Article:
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There must have been a large quantity of sterling coin, when there was such a circulation of counterfeit. In the best of the men of that period, there was, doubtless, a tincture of unscriptural enthusiasm, and the use of a phraseology revolting to the taste of modern time; in many, perhaps, there was nothing more; but, to infer, that therefore all was base, unnatural deceit, would be unjust and unwise. • A reformation,' says Jortin, [in his Remarks on Ecclesiastical History,] is seldom carried on, without heat and vehemence, which borders upon enthusiasm. As Cicero has observed, that there never was great man, sine afflatu divino; so, in times of religious contests, there seldom was a man very zealous for liberty, civil and ecclesiastical, and a declared active enemy to insolent tyranny, blind superstition, political godliness, bigotry, and pious frauds, who had not a fervency of zeal, which led him on some occasions beyond the bounds of sober, temperate reason.'”-Orme's Memoirs of the Life of Owen.
But it will be needful to pursue the subject of enthusiasm somewhat further ; inasmuch as it may have, in the minds of some, a particular reference not only to Jaffray as he is in the Diary, leaning to the Independents, but to Jaffray, as he is among his colleagues in the Memoirs, a zealous “ Quaker.”. “ It is most unreasonable,” observes a descendant of the family of Cromwell, in rebutting the animadversions of Hume against the Independents of that day, “ to deny to religious characters, their fervours in the pursuit of their great object, and to indulge the worldly in all their ardours and extravagances, in the comparatively trifling objects of their pursuits. By the men of the world, the arduous, persevering Christian of the Parliament party, was, in those times, deemed an enthusiast and an hypocrite, and his best actions represented as influenced by the most sinister and mischievous motives : all was resolved into hypocrisy or enthusiasm.” " Lord Clarendon speaks contemptuously of the expression seeking God,' which, he says, was a new phrase brought from Scotland with their Covenant. It might have been a new phrase in England; but it is per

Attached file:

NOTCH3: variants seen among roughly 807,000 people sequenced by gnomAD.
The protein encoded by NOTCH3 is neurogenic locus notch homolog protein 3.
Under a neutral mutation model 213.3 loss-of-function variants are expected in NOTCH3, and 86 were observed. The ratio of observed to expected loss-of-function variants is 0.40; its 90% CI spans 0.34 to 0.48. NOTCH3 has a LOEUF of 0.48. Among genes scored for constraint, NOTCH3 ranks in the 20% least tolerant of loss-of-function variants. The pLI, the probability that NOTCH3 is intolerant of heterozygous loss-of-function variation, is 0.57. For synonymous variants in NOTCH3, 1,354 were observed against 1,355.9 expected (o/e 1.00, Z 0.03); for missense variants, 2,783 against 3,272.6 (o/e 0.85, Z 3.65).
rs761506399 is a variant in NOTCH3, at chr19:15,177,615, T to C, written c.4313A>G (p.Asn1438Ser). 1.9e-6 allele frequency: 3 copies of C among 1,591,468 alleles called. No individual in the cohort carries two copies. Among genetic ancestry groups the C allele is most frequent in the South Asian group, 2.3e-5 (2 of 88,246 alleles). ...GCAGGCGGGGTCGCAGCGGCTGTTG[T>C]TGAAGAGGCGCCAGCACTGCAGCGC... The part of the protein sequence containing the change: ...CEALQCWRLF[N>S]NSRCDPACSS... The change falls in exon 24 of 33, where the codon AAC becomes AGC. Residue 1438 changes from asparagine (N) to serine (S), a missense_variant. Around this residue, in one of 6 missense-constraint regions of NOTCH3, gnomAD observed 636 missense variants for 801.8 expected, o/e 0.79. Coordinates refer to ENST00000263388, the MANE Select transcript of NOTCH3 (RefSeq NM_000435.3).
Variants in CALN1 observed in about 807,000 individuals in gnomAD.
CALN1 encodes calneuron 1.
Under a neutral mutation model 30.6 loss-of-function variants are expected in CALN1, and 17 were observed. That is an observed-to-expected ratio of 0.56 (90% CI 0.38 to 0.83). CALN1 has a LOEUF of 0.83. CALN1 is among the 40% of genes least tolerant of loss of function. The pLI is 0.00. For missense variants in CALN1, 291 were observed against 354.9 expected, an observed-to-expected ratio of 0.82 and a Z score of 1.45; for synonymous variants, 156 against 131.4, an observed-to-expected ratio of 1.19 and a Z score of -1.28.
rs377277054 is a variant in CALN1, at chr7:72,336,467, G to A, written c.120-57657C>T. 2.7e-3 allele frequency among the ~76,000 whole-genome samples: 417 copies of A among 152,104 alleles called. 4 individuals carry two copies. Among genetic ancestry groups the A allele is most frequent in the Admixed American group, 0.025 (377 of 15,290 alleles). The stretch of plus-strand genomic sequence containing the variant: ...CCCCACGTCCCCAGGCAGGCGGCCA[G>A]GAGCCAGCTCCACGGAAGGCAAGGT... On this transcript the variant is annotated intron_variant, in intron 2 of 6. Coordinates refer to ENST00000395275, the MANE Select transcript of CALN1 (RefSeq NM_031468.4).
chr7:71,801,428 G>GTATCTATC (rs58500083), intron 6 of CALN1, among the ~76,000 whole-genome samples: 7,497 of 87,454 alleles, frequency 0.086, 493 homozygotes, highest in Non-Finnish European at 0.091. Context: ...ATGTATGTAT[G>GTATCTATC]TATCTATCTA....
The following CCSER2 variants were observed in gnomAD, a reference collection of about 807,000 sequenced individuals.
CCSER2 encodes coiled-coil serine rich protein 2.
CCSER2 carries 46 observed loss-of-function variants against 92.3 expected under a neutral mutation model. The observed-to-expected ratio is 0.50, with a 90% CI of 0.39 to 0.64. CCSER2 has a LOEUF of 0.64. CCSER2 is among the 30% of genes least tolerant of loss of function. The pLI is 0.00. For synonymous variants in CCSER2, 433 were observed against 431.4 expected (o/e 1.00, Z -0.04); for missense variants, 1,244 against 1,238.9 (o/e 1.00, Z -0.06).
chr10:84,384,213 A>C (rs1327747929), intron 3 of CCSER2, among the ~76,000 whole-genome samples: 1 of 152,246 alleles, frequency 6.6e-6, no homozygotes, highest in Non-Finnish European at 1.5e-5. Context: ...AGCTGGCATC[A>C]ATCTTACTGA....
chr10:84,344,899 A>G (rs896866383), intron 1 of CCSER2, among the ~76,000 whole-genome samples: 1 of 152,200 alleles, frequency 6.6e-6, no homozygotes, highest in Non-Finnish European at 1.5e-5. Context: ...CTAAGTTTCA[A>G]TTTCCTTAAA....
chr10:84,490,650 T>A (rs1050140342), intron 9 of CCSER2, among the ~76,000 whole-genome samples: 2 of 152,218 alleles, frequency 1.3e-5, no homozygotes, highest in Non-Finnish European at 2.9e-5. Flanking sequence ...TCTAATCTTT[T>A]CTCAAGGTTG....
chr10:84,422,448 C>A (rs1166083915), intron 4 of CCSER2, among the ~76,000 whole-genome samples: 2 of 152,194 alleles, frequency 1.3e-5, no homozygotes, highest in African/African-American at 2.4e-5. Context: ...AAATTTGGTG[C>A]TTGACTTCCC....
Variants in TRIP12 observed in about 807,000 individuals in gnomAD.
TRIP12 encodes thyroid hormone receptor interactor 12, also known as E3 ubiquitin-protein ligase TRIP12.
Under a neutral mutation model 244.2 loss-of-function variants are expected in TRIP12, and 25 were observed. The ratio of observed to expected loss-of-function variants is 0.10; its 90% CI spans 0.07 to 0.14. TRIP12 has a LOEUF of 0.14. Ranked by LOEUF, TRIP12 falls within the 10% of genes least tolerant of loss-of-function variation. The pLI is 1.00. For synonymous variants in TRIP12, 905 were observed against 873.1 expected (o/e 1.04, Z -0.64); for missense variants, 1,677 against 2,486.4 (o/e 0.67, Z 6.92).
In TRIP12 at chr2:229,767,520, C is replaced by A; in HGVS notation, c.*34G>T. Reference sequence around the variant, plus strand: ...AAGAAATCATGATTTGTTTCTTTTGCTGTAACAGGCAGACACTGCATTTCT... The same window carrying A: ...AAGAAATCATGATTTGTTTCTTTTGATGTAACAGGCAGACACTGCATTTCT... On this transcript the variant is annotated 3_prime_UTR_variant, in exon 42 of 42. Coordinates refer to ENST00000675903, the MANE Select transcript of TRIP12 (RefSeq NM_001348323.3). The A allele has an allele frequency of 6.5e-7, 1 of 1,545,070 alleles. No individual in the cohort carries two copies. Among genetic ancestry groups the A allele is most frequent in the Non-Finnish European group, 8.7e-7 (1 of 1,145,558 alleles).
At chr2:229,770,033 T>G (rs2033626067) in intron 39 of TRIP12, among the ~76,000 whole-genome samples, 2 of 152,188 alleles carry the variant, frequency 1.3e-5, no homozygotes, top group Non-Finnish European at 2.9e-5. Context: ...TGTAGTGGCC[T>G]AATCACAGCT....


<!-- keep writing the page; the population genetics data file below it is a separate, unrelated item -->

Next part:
fectly expressive of the thing meant, namely, a devout and humble application by prayer to the Almighty, by a nation or individuals, to avert impending public or private calamities ; or to remove them if incurred; or for direction and assistance in concerns of importance, too great for human accomplishment. In religious language, perhaps it may be generally best to avoid what may be called technical phraseology : particular words frequently used, expressive (for brevity sake) of any particular religious act or observance, are liable to be catched at by the world, and used for the purposes of turning into ridicule every thing serious. In the succeeding licentious reign of King Charles the 2nd, all semblance of religion was studiously put out of sight; it was become quite unfashionable ; and the ridicule of its professors, and of all the religious language and acts of the preceding times, was considered a kind of test of loyalty to the then sovereign and government. This phrase of seeking God,' then used as expressive of the act of prayer, public or private, became, after the Restoration, with other religious phrases or expressions, subjects of ridicule.Lightly or contemptuously, however, as the men of the world, when in health and prosperity, may treat this application to and reliance upon Divine Providence, the religious part of the Christian world are in the constant and habitual practice of it, and thence, there can be no doubt, derive the greatest comfort and assurance. Independently of prayer being a commanded duty, it is surely a reasonable service, inasmuch as it is an acknowledgment of our dependence upon the Supreme Being, to whom, feeble and insufficient as we are, we must be constantly looking for the support of our existence, and for the continuance of all our comforts and enjoyments.” After some other remarks, delivered in a strain very becoming this subject; but not so directly bearing upon our purpose, this author proceeds. —“Our holy religion teaches us to expect this assistance through and by the means of the Holy Spirit; for which assistance, and for whose influence, we all ask in the most expressive terms, in our attendance upon the public worship of